I loved the original Life is Strange, it’s use of complex decisions and the enticing story had me hooked from the first episode. However, I wasn’t a fan of Chloe. Chloe always convinced Max to do what she wanted, especially to help her in her quest to find Rachel Amber. This all changed after the first episode of Life is Strange: Before the Storm. Suddenly all the distaste I had for Chloe was replaced with empathy, as this teenage girl tried to find hope after losing so much. Life is Strange: Before the Storm is an outstanding tale of a girl finding joy and happiness in a world she believes has given up on her.

A Better Understanding of Chloe

Life is Strange: Before the Storm takes place before the original game. Max is gone and Chloe lost her father years ago in a car accident, feeling alone and abandoned she lashes out at people and cares little about her future. This bleak view falls apart after meeting Rachel Amber, a popular and acclaimed student of Beacon Academy and known throughout Arcadia Bay. Now filled with new support Chloe begins to let someone new in that breaks her previously cruel outlook on the world.

Chloe still acts out in a burst of anger when vexed, but here you gain insight into her behavior. You can hear what’s going on in her mind to give context to why she’s annoyed all the time. Losing her father and her only friend, and now feeling betrayed by her mother dating a new person, she feels abandoned. In Max’s adventure this information was provided but playing as Chloe it gave a first-hand perspective of how alone she is. This sense of abandonment is amplified when reading through her texts, journal, and revisiting scattered memories.

Much of Before the Storm’s story is better understood for those who played the original game. While the writers do introduce key information about the game’s setting, Arcadia Bay, and the people having played the previous game gives more context. Certain actions are never explained and instead assumed since they’re explained in the original game.

Challenge Authority

Much of Before the Storm will have you making choices that alter the story. These are usually timed and offer up to 4 choices, with 2 choices offered in more paramount decisions. Each choice changes how characters will interact with Chloe. While it may seem like the player is given choices that the Chloe from Max’s adventure wouldn’t say the writers have done a fantastic job of ensuring that her character remains true to her original concept.

Defeating a bully or an annoying principal does provide a sense of teenage accomplishment, and that’s what Before the Storm does well; making you feel like a teenager. Supporting characters such as Chloe’s mother Joyce attempts to speak with Chloe with a soft touch, attempting to act as a mother but also support her daughter. Chloe is constantly annoyed how persistently she pushes her boyfriend, David, into accepting him but failing to acknowledge this is just as much about Joyce trying to move on. Many of the people Chloe disagrees with turn into villains as she verbally abuses them, a predictable action from an irritable teen.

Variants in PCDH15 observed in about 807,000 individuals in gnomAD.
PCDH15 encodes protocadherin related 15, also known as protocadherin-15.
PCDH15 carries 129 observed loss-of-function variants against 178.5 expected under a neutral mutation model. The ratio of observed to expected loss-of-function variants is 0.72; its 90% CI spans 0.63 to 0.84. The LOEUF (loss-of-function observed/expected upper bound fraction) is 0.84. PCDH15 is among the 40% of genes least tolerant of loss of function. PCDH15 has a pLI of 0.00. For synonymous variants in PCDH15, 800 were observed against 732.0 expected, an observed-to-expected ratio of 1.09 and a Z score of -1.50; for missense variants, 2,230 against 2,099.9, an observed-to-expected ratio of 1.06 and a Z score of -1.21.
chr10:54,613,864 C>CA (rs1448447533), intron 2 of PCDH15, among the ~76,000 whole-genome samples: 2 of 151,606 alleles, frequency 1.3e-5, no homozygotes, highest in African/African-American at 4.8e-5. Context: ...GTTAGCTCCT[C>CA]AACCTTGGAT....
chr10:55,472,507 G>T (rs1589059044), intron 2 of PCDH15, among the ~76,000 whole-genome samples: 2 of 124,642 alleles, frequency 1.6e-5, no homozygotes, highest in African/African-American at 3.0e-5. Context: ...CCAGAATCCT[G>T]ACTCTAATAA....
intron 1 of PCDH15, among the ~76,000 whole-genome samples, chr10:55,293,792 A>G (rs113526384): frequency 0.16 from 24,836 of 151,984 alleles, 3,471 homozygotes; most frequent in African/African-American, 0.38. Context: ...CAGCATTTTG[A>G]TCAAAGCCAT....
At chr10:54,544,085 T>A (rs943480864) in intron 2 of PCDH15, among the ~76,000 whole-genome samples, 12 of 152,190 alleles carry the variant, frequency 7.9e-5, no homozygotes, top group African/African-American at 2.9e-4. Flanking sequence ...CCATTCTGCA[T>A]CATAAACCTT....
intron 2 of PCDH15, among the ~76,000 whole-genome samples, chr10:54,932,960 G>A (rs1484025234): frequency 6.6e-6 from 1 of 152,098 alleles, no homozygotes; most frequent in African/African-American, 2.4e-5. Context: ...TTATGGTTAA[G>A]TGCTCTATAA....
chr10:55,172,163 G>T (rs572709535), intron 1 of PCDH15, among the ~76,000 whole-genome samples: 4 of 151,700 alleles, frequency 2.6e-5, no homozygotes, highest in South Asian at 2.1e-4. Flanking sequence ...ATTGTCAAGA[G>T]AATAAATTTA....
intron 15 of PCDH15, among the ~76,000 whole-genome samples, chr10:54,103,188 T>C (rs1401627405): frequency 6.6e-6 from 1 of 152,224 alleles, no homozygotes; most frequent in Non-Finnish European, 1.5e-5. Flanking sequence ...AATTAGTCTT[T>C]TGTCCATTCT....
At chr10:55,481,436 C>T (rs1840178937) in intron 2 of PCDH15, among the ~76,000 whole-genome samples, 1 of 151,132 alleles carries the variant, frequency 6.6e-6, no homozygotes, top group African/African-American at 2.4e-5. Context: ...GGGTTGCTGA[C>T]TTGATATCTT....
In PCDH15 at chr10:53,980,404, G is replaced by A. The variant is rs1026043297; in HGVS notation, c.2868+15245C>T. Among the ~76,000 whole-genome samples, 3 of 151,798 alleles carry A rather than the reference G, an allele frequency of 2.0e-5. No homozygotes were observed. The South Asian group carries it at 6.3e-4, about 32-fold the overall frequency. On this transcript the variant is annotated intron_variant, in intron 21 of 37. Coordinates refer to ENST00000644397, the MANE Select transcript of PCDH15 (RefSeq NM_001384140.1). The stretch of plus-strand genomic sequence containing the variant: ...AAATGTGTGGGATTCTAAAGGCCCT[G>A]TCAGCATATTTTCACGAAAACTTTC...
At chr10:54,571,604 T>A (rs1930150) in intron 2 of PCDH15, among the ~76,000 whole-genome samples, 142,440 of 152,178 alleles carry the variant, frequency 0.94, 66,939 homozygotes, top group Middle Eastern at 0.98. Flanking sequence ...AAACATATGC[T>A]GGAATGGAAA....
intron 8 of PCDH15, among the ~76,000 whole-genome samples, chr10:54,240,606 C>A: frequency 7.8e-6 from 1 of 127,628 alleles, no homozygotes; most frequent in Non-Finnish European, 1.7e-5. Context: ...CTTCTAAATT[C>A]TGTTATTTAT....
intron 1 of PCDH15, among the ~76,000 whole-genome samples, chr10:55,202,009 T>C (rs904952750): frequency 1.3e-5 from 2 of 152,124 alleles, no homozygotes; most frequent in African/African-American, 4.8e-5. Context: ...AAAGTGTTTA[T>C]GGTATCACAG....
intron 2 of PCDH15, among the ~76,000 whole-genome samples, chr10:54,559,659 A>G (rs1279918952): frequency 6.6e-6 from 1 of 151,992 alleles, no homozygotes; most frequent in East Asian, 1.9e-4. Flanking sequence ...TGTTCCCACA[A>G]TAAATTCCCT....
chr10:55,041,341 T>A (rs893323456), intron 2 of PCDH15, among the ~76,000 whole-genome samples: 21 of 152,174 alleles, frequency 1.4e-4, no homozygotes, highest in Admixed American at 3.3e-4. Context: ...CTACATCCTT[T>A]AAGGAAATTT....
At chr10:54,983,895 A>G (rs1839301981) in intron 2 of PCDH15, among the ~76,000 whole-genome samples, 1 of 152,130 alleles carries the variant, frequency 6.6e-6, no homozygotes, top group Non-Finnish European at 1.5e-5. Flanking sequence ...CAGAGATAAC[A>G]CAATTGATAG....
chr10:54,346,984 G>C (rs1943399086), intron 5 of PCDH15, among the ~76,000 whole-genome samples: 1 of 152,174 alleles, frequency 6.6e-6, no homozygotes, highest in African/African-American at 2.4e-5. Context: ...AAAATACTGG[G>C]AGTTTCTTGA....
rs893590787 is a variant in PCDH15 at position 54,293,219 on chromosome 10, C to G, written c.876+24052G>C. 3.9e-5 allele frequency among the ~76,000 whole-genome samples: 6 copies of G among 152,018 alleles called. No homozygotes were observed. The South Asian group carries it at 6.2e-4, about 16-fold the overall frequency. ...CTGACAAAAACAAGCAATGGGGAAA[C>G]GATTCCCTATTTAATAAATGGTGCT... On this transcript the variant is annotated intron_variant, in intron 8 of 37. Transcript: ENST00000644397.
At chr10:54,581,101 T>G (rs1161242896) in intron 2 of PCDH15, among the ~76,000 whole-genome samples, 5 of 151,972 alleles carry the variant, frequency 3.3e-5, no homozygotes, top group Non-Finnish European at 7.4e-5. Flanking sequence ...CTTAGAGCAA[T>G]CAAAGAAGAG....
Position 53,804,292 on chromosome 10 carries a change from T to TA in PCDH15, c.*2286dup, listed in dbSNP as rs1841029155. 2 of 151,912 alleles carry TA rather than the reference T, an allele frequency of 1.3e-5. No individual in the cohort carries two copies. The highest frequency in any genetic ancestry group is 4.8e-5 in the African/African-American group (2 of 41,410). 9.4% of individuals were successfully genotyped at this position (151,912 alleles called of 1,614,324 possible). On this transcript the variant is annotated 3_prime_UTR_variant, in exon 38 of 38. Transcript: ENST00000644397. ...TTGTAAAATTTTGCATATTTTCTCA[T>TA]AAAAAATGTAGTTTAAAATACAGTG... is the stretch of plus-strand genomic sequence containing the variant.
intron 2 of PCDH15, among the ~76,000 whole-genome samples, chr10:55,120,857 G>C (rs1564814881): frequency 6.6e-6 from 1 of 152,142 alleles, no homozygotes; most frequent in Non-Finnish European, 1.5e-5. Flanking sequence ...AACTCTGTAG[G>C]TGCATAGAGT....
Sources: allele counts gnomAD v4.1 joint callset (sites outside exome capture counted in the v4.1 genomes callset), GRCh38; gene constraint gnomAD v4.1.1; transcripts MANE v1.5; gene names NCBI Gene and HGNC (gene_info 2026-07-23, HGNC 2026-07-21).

Teenage Love

These teenage issues only become more problematic as the episodes continue, with greater problems beginning to surface. Without spoiling much, Chloe finds out that Rachel doesn’t live the ideal life that many thought. She and Chloe have a lot more in common, with the two slowly gaining each other’s trust.

It feels rushed but it captures the sparkle in a way only teenage love can. They bond over similar taste in music and talk about nonsense but support each other when the weight of the world crushes them. Both Chloe and Rachel aid one another emotionally by providing comfort in ways no one else can. This sense of support is not only provided in the game’s excellent writing but soundtrack and animation.

It’s clear that a lot of work went into ensuring each performance was rock solid for each interaction. Voice actors do a phenomenal job of capturing each character whether it’s Joyce shocked about Chloe’s behavior or Victoria Chase condescending attitude. The animations share this same quality such as tears streaming down avatar faces during emotional scenes or David forcing a fistbump between him and Chloe.

The Power of Words

Unlike Max, Chloe isn’t gifted with unexplained powers. She cannot rewind time and must rely on her quick wit and brash attitude to get things done. Newly added is the backtalk option, which allows Chloe to challenge specific people to an argument. Chloe and the person are given a specific about of arguments to win, if successful the other person gives in to Chloe and if you lost the opposite happens. Other breaks in the narrative include puzzles, which are simple but are essential stepping stones for the narrative to continue.

An Emotional Rollercoaster

Life is Strange: Before the Storm starts strong and ends with a bang. The story is definitely better if you played Life is Strange but experiencing the Chloe and Rachel’s journey isn’t one to be missed. The talkback mechanic can’t replace the time manipulation powers of Max but roleplaying as an angsty teen did yield entertaining results. Life is Strange: Before the Storm digs deep into the emotional tale of Chloe and Rachel that you’ll want to see.

Life is Strange: Before the Storm Review
The Pros
  • Great Writing
  • Excellent Characters
  • Outstanding Ending
The Cons
  • Dull Puzzles
9Overall Score
Reader Rating: (1 Vote)
8.8

About The Author

Adam S
Sr.Staff Writer

Adam is a Senior Staff Writer for GamerAssaultWeekly with over 5 years of experience in writing and is completely obsessed with video games. He holds a BA from Brooklyn College and lives in NY.